The company would send me a 1099 tax form filled "only" with Col-8 for Cash distribution / Liquidation. These distributions are, at least in part, one form of a return of capital. You will receive Form 1099-DIV from the corporation showing you the amount of the liquidating distribution in box 8 or 9, in your case they were cash in box 8.Any liquidating distribution you receive is not taxable to you until you have recovered the basis of your stock.A fine line exists between definitions of a corporate liquidation and dissolution.But for tax purposes, the defining line can make a big difference.Dear Kathy: I had purchased Incentive Stock Options back in 2000. It was getting a cash distribution from another company for last few years; 2003 onwards.Every year it would get money, it would deduct 44% State and Federal taxes and give 56% to share holders per their share in the company. Ricky - Liquidating distributions, sometimes called liquidating dividends, are distributions you receive during a partial or complete liquidation of a corporation.
Whether you report the gain as a long-term or short-term capital gain depends on how long you have held the stock.
THE CRITICAL ISSUE FOR TAX PLANNING is whether the assets distributed are considered property under IRC code section 336 and whether the corporation owns them.
THE QUESTION OF WHO "OWNS" the clients and customer-based intangibles turns on whether there is an employment or noncompete agreement in effect at the time the intangibles are distributed.
At issue is whether the company’s status as a corporation had been terminated by the administrative dissolution. Something else to consider is that under Section 336(a) of the tax code, a gain or loss is recognized by a liquidating corporation on the distribution of its property in complete liquidation, as if such property were sold to the distributee at its fair market value. 142 ) states that “…where a corporation ceases business operations, has retained no assets, has no income, and has actually liquidated, there is in effect a de facto dissolution, even though the corporation has not been formally dissolved…” In addition, it is entirely possible for the corporation to continue in existence even though it has been, as a matter of state law, dissolved.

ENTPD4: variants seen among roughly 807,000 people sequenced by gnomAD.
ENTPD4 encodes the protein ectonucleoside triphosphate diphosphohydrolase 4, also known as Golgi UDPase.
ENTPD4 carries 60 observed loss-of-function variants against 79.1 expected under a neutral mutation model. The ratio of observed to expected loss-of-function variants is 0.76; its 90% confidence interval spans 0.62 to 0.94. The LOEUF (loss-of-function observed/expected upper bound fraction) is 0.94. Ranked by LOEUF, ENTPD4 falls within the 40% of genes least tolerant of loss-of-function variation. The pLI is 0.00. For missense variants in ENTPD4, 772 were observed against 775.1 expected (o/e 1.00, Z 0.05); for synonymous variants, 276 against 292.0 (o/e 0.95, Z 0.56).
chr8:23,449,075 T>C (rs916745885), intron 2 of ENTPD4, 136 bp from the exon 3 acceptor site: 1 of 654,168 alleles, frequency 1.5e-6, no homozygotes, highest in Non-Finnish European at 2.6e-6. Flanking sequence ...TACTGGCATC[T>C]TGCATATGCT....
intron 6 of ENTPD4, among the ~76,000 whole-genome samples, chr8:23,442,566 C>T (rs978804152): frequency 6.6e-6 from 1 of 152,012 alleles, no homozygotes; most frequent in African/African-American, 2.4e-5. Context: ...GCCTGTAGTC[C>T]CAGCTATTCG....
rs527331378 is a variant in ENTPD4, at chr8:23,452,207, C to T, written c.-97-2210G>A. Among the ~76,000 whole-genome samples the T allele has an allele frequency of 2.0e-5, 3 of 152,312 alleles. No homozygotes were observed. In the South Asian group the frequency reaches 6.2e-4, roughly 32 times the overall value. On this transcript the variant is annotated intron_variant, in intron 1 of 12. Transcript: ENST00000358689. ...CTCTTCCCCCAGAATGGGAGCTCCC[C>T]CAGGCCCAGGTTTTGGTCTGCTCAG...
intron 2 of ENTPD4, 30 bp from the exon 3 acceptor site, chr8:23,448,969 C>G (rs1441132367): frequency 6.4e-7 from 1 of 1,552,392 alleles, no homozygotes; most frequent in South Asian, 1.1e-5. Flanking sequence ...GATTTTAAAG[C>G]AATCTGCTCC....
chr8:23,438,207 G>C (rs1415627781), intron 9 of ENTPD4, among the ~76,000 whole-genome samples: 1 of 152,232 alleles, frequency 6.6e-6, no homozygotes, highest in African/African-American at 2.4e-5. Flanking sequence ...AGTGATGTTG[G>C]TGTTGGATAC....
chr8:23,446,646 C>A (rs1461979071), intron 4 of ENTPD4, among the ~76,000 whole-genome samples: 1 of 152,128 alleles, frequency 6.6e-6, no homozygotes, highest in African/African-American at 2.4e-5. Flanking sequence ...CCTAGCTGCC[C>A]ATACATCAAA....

If it is considered terminated, the company would have been viewed as having completely liquidated, and both it and its shareholders would have experienced the tax consequences attendant to the situation. In other words, in most cases, the liquidation of a corporation commonly engenders two levels of taxation: tax will be imposed at both the corporate and distributee shareholder levels.* The De Facto Company Closure A complete liquidation is not always accompanied by a formal or legal company shutdown. Thus, unless dissolution brings about an automatic transfer of the corporation’s assets to its shareholders, the corporation, even though dissolved, continues its existence.